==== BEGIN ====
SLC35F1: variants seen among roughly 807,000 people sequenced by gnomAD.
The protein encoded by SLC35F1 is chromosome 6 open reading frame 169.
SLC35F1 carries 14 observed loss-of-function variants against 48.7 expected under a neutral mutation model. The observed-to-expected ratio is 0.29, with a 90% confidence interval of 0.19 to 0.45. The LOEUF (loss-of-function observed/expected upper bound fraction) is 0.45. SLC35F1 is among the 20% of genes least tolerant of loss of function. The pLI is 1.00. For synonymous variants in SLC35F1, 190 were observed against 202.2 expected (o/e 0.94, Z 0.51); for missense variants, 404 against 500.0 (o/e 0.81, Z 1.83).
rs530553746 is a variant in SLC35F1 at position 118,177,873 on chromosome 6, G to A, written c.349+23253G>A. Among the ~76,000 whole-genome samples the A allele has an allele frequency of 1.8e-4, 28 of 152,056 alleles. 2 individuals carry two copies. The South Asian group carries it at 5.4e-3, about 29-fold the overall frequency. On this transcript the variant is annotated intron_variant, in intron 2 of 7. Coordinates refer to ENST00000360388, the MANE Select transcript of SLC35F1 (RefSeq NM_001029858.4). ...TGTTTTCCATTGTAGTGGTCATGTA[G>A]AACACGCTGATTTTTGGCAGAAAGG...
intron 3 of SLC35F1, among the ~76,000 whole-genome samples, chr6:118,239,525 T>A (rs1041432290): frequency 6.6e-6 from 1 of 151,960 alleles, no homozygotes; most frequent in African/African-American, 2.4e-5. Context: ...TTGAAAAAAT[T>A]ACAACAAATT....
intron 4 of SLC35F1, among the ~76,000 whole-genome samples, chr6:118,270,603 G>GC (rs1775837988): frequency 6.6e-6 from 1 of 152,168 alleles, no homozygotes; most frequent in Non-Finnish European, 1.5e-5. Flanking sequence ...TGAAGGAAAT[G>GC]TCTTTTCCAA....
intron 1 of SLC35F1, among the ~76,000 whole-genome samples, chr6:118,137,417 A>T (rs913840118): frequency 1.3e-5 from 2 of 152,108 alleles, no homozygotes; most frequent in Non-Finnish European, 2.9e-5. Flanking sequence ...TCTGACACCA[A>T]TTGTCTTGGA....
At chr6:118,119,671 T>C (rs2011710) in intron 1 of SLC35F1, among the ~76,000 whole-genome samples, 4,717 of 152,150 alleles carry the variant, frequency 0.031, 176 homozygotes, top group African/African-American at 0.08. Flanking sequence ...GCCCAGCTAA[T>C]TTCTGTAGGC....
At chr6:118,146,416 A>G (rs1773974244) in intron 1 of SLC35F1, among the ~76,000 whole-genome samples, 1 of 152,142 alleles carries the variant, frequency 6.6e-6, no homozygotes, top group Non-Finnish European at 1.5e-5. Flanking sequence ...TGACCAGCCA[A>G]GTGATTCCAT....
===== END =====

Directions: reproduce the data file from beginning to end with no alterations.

SLC35F1: variants seen among roughly 807,000 people sequenced by gnomAD.
The protein encoded by SLC35F1 is chromosome 6 open reading frame 169.
SLC35F1 carries 14 observed loss-of-function variants against 48.7 expected under a neutral mutation model. The observed-to-expected ratio is 0.29, with a 90% confidence interval of 0.19 to 0.45. The LOEUF (loss-of-function observed/expected upper bound fraction) is 0.45. SLC35F1 is among the 20% of genes least tolerant of loss of function. The pLI is 1.00. For synonymous variants in SLC35F1, 190 were observed against 202.2 expected (o/e 0.94, Z 0.51); for missense variants, 404 against 500.0 (o/e 0.81, Z 1.83).
rs530553746 is a variant in SLC35F1 at position 118,177,873 on chromosome 6, G to A, written c.349+23253G>A. Among the ~76,000 whole-genome samples the A allele has an allele frequency of 1.8e-4, 28 of 152,056 alleles. 2 individuals carry two copies. The South Asian group carries it at 5.4e-3, about 29-fold the overall frequency. On this transcript the variant is annotated intron_variant, in intron 2 of 7. Coordinates refer to ENST00000360388, the MANE Select transcript of SLC35F1 (RefSeq NM_001029858.4). ...TGTTTTCCATTGTAGTGGTCATGTA[G>A]AACACGCTGATTTTTGGCAGAAAGG...
intron 3 of SLC35F1, among the ~76,000 whole-genome samples, chr6:118,239,525 T>A (rs1041432290): frequency 6.6e-6 from 1 of 151,960 alleles, no homozygotes; most frequent in African/African-American, 2.4e-5. Context: ...TTGAAAAAAT[T>A]ACAACAAATT....
intron 4 of SLC35F1, among the ~76,000 whole-genome samples, chr6:118,270,603 G>GC (rs1775837988): frequency 6.6e-6 from 1 of 152,168 alleles, no homozygotes; most frequent in Non-Finnish European, 1.5e-5. Flanking sequence ...TGAAGGAAAT[G>GC]TCTTTTCCAA....
intron 1 of SLC35F1, among the ~76,000 whole-genome samples, chr6:118,137,417 A>T (rs913840118): frequency 1.3e-5 from 2 of 152,108 alleles, no homozygotes; most frequent in Non-Finnish European, 2.9e-5. Flanking sequence ...TCTGACACCA[A>T]TTGTCTTGGA....
At chr6:118,119,671 T>C (rs2011710) in intron 1 of SLC35F1, among the ~76,000 whole-genome samples, 4,717 of 152,150 alleles carry the variant, frequency 0.031, 176 homozygotes, top group African/African-American at 0.08. Flanking sequence ...GCCCAGCTAA[T>C]TTCTGTAGGC....
At chr6:118,146,416 A>G (rs1773974244) in intron 1 of SLC35F1, among the ~76,000 whole-genome samples, 1 of 152,142 alleles carries the variant, frequency 6.6e-6, no homozygotes, top group Non-Finnish European at 1.5e-5. Flanking sequence ...TGACCAGCCA[A>G]GTGATTCCAT....